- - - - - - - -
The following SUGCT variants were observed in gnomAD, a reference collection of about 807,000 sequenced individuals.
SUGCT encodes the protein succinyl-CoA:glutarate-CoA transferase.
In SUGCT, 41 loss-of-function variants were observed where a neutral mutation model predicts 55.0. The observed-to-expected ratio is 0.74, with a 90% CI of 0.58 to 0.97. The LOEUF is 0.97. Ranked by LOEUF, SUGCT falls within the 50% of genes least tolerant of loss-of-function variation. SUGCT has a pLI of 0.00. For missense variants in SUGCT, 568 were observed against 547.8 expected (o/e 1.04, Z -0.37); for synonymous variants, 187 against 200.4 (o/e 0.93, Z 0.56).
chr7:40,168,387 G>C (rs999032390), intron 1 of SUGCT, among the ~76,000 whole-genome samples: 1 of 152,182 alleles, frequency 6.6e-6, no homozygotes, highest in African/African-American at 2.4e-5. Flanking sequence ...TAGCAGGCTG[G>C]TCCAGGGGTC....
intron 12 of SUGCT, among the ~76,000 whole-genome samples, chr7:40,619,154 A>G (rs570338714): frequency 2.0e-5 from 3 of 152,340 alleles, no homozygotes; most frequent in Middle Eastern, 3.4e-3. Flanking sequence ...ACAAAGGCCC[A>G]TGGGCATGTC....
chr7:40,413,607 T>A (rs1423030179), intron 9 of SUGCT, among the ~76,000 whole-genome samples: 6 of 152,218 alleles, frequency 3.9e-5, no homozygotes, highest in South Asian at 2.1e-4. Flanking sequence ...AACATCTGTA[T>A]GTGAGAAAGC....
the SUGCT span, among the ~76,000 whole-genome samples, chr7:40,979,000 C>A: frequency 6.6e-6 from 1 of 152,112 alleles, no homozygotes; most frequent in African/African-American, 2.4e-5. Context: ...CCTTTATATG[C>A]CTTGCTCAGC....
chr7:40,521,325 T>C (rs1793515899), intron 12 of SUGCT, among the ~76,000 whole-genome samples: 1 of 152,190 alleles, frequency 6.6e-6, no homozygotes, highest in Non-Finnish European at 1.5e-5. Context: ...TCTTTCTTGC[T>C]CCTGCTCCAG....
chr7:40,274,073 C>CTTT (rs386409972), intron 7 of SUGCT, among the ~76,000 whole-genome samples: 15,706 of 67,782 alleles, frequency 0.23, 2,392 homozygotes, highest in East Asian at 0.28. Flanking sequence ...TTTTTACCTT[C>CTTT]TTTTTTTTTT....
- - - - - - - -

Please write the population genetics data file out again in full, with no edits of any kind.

The following SUGCT variants were observed in gnomAD, a reference collection of about 807,000 sequenced individuals.
SUGCT encodes the protein succinyl-CoA:glutarate-CoA transferase.
In SUGCT, 41 loss-of-function variants were observed where a neutral mutation model predicts 55.0. The observed-to-expected ratio is 0.74, with a 90% CI of 0.58 to 0.97. The LOEUF is 0.97. Ranked by LOEUF, SUGCT falls within the 50% of genes least tolerant of loss-of-function variation. SUGCT has a pLI of 0.00. For missense variants in SUGCT, 568 were observed against 547.8 expected (o/e 1.04, Z -0.37); for synonymous variants, 187 against 200.4 (o/e 0.93, Z 0.56).
chr7:40,168,387 G>C (rs999032390), intron 1 of SUGCT, among the ~76,000 whole-genome samples: 1 of 152,182 alleles, frequency 6.6e-6, no homozygotes, highest in African/African-American at 2.4e-5. Flanking sequence ...TAGCAGGCTG[G>C]TCCAGGGGTC....
intron 12 of SUGCT, among the ~76,000 whole-genome samples, chr7:40,619,154 A>G (rs570338714): frequency 2.0e-5 from 3 of 152,340 alleles, no homozygotes; most frequent in Middle Eastern, 3.4e-3. Flanking sequence ...ACAAAGGCCC[A>G]TGGGCATGTC....
chr7:40,413,607 T>A (rs1423030179), intron 9 of SUGCT, among the ~76,000 whole-genome samples: 6 of 152,218 alleles, frequency 3.9e-5, no homozygotes, highest in South Asian at 2.1e-4. Flanking sequence ...AACATCTGTA[T>A]GTGAGAAAGC....
the SUGCT span, among the ~76,000 whole-genome samples, chr7:40,979,000 C>A: frequency 6.6e-6 from 1 of 152,112 alleles, no homozygotes; most frequent in African/African-American, 2.4e-5. Context: ...CCTTTATATG[C>A]CTTGCTCAGC....
chr7:40,521,325 T>C (rs1793515899), intron 12 of SUGCT, among the ~76,000 whole-genome samples: 1 of 152,190 alleles, frequency 6.6e-6, no homozygotes, highest in Non-Finnish European at 1.5e-5. Context: ...TCTTTCTTGC[T>C]CCTGCTCCAG....
chr7:40,274,073 C>CTTT (rs386409972), intron 7 of SUGCT, among the ~76,000 whole-genome samples: 15,706 of 67,782 alleles, frequency 0.23, 2,392 homozygotes, highest in East Asian at 0.28. Flanking sequence ...TTTTTACCTT[C>CTTT]TTTTTTTTTT....